(Source - see Proposition 4.)
Once someone invents the plow, and unlocks the increased food production it affords, in the long term you have a choice between also adopting the plow, or being killed/displaced by those who have.
(Because increased food production –> fortifications to protect food surplus –> specialization as security force –> specialization as weapons maker –> army to maraud and enslave the simple folk living in the country.)
See also: needing a smartphone in order to have a job.
Candidly I don't want this to be true, so at a minimum I want to understand the boundaries - what are (all) the possible exceptions?
Given Technology doesn't necessarily solve a real problemTechnology doesn't necessarily solve a real problem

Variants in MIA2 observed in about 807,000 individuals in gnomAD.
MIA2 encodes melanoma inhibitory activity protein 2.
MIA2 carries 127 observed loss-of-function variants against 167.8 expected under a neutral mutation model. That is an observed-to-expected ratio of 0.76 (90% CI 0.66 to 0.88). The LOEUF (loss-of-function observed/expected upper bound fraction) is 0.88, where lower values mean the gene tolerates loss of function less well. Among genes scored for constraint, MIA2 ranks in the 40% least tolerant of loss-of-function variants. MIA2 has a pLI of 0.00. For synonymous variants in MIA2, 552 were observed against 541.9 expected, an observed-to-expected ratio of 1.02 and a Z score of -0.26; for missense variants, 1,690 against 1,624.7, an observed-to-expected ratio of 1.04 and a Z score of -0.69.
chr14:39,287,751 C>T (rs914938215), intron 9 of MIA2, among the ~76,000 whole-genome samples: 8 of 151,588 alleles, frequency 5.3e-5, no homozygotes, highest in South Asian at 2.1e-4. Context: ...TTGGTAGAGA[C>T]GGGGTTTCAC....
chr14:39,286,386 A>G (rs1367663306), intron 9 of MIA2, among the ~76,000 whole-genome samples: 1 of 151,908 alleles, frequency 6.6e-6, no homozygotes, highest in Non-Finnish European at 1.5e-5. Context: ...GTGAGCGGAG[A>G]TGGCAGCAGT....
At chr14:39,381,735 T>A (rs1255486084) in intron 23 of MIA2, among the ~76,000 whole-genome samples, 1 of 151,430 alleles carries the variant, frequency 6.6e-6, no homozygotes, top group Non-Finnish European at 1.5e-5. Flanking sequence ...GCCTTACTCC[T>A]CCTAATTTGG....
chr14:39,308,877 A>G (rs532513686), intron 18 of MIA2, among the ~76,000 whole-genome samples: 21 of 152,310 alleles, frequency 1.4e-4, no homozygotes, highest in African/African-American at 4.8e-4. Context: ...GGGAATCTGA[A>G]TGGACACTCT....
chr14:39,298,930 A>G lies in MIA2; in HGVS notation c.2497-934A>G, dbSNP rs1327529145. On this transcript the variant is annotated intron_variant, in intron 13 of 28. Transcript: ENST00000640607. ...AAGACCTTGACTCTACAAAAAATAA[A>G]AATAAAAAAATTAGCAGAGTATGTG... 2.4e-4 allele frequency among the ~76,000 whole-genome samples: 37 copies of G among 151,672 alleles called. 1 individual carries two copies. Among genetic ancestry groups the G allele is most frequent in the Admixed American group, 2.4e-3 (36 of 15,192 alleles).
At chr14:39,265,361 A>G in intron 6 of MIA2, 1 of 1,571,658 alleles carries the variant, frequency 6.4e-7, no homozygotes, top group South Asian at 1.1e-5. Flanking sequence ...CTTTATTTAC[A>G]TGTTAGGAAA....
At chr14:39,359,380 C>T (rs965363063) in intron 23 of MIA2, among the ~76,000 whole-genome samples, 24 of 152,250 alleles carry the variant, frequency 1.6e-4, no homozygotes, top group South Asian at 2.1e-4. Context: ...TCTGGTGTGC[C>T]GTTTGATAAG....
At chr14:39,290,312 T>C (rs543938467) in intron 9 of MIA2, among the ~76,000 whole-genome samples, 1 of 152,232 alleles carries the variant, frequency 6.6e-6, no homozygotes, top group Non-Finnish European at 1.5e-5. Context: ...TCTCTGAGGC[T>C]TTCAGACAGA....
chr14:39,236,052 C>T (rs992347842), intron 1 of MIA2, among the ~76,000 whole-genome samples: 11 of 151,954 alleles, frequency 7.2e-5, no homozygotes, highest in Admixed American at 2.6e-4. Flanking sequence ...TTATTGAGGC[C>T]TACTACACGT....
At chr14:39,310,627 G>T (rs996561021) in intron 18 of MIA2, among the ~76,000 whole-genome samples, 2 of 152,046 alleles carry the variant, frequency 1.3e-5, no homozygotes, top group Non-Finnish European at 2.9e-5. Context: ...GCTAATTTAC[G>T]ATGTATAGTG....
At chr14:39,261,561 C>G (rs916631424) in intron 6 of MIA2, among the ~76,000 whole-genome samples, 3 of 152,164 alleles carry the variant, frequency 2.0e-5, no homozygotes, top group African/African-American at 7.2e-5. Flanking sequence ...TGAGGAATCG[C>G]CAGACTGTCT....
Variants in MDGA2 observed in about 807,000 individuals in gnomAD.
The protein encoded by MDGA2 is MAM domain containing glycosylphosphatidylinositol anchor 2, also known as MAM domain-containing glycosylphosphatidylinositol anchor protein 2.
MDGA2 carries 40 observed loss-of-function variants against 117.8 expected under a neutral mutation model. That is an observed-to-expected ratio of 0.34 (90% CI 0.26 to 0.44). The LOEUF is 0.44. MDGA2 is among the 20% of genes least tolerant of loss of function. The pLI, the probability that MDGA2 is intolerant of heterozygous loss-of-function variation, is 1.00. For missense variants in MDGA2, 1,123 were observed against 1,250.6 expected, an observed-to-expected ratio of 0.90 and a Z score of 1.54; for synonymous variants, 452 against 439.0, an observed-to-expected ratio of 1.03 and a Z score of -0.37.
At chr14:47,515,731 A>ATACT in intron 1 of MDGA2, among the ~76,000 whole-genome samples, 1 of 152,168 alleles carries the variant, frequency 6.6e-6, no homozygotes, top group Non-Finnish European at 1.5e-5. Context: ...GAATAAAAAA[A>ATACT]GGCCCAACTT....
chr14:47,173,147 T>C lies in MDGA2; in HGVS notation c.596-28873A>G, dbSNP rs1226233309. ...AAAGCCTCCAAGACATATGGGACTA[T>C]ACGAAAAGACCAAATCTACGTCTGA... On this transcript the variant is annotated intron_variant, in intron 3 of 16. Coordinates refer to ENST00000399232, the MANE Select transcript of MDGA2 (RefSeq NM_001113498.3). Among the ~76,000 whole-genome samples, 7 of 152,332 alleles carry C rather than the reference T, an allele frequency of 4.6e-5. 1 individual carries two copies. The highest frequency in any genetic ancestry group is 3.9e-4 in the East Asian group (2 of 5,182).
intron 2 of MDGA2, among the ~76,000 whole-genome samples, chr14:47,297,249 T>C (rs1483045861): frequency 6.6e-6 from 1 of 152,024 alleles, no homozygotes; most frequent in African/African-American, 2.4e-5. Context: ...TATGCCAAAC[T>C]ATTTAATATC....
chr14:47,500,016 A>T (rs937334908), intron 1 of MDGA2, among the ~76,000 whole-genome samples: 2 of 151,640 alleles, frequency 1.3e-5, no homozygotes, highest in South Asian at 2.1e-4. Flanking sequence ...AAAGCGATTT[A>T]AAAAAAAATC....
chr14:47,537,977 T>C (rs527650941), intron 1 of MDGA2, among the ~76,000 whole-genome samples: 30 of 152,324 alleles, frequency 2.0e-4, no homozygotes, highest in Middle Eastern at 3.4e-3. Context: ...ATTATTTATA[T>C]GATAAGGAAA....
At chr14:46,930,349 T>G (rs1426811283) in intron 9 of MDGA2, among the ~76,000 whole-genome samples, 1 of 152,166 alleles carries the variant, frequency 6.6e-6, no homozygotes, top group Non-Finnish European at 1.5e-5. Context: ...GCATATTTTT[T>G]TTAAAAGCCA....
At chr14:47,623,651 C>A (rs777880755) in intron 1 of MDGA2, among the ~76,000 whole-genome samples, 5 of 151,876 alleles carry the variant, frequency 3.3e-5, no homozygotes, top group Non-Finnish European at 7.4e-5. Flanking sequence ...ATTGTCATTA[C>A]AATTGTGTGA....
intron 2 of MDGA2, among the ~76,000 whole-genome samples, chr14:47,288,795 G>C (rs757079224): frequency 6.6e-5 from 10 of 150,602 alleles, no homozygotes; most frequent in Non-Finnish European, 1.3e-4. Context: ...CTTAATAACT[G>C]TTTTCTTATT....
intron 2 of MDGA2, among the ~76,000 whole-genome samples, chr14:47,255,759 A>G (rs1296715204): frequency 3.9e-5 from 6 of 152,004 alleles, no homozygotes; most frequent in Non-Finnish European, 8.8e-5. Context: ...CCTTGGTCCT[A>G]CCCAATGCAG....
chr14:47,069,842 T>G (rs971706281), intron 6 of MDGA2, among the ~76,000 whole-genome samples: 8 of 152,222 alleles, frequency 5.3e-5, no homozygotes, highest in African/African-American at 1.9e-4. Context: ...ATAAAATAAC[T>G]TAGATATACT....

The Neil Postman "What is the problem to which cruise control is the answer?" anecdote is a good example.
Even when a technological innovation does solve a real problem, remember to Consider sid..., it's probably worth digging into the definition of "advantageous."
It seems to have a short time scale, since it's hard to Consider side effectsConsider side effects
Here's an example of a side effect: Every place on earth has unsafe levels of plastic in the rainwater.
Seems bad. How do we do less of this?
When considering a change, especially a technolog... of new technology, or even know them.
And it doesn't necessarily have to be advantageous to everyone - the plow creates "guy who owns the grain" and "guy who works the field." The former receives more of the advantage.